Or Tristano is understood to have been awkwardly caught between two eras, as Bill Coss stated in 1961: "(During the 1940s) the name Lennie Tristano was enough to send almost every jazz critic into a dither of denunciation. . . . The controversy was equal to the furor nowadays caused by Ornette Coleman and John Coltrane in combination. . . . Tristano is a strong individualist who was out of place in the strangeness between two eras."

There are a relatively small number of writers who acknowledge Tristano's significant role in the development of jazz. Palmer was one: "Mr. Tristano was hardly an isolated or marginal figure. ... He was an important thinker and doer who provided a crucial link between the modern jazz of the i94o's and freer forms of the late 1950s and after."

Thomas Albright also argued for Tristano's historical importance in his influence on Cecil Taylor, Paul Bley, Andrew Hill, and Mai Waldron, among others: "Today, Tristano is something of a legend in his own time. In retrospect, it is apparent that the territory which his innovations helped to open—along with the ground that was broken by Thelonious Monk—has nurtured some of the most significant developments in contemporary jazz. ... In fact, Tristano's influence has been pervasive."

In order to objectively assess Tristano's contribution, the editorial staff at JazzProfiles thought it might be interesting to bring up a series of posts about Lennie that offer various perspectives on his life, music and its significance to Jazz.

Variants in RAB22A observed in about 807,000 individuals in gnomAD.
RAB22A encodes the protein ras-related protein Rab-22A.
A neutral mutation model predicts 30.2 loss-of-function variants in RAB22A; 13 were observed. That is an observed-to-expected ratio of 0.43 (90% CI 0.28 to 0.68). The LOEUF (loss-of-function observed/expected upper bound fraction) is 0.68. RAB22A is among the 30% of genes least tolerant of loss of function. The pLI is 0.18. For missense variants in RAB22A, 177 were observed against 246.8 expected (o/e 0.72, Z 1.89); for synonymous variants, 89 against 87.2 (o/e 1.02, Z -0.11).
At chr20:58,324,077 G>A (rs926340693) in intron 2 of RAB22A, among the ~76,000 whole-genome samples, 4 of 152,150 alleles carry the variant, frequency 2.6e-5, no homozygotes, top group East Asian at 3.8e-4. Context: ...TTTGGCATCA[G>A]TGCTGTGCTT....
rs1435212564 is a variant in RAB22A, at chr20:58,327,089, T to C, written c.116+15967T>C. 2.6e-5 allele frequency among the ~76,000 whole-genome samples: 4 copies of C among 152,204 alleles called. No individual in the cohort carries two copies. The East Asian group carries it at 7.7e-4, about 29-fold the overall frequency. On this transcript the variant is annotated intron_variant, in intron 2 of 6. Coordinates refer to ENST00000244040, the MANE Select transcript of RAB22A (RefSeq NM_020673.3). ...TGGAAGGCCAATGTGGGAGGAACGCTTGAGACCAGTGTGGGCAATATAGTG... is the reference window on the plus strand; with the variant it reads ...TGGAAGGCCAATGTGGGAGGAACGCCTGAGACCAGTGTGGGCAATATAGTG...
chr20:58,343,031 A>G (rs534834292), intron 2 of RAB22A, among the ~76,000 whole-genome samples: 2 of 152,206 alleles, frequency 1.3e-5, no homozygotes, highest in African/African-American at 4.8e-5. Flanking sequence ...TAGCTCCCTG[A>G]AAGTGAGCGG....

Yet as Larry Kart admonishes in his booklet notes to The Complete Atlantic Recordings of Lennie Tristano, Lee Konitz and Warne Marsh [Mosaic MD6-174]:

“... But before we look back, I would ask the reader to stop right here and listen to two of this set's acknowledged Tristano masterpieces, Line Up from 1955 and C Minor Complex from 1960-61 — the assumption being that afterwards one will know something crucial about this music that no amount of testimony or critical hectoring can replace, namely that Lennie Tristano was an improvising artist of great forcefulness, that the power of his music arises from (and to some extent is about) underlying principles striving to realize themselves, and that the various elements of this musical "complex” (the felt and expressed forcefulness; the sense that underlying principles are striving, or are being driven, to realize themselves) made it virtually inevitable that a school of some sort would coalesce around Tristano. 

This is not to deny that the pedagogic impulse lay deep within the man and the musician nor to claim that his tutelage, in every case and at all times, furthered the artistic growth of those within his orbit. The point, instead, is that Tristano's music was compelling in itself, and that the reasons that two of jazz's major artists (Konitz and Marsh) and many other gifted players were drawn to, and drew so much from Tristano, are not necessarily more mysterious than the reasons such non-pedagogically inclined jazz masters as Louis Armstrong, Lester Young, and Charlie Parker spawned so many vital disciples. To paraphrase novelist Gilbert Sorrentino, people like lo think that artists have complicated personal motives for doing what they do, when in fact they have complicated artistic motives.”

You’ll find videos of both C Minor Complex and Line Up in the sidebar of the blog. Should you later access this feature from the archives, both examples are available on YouTube.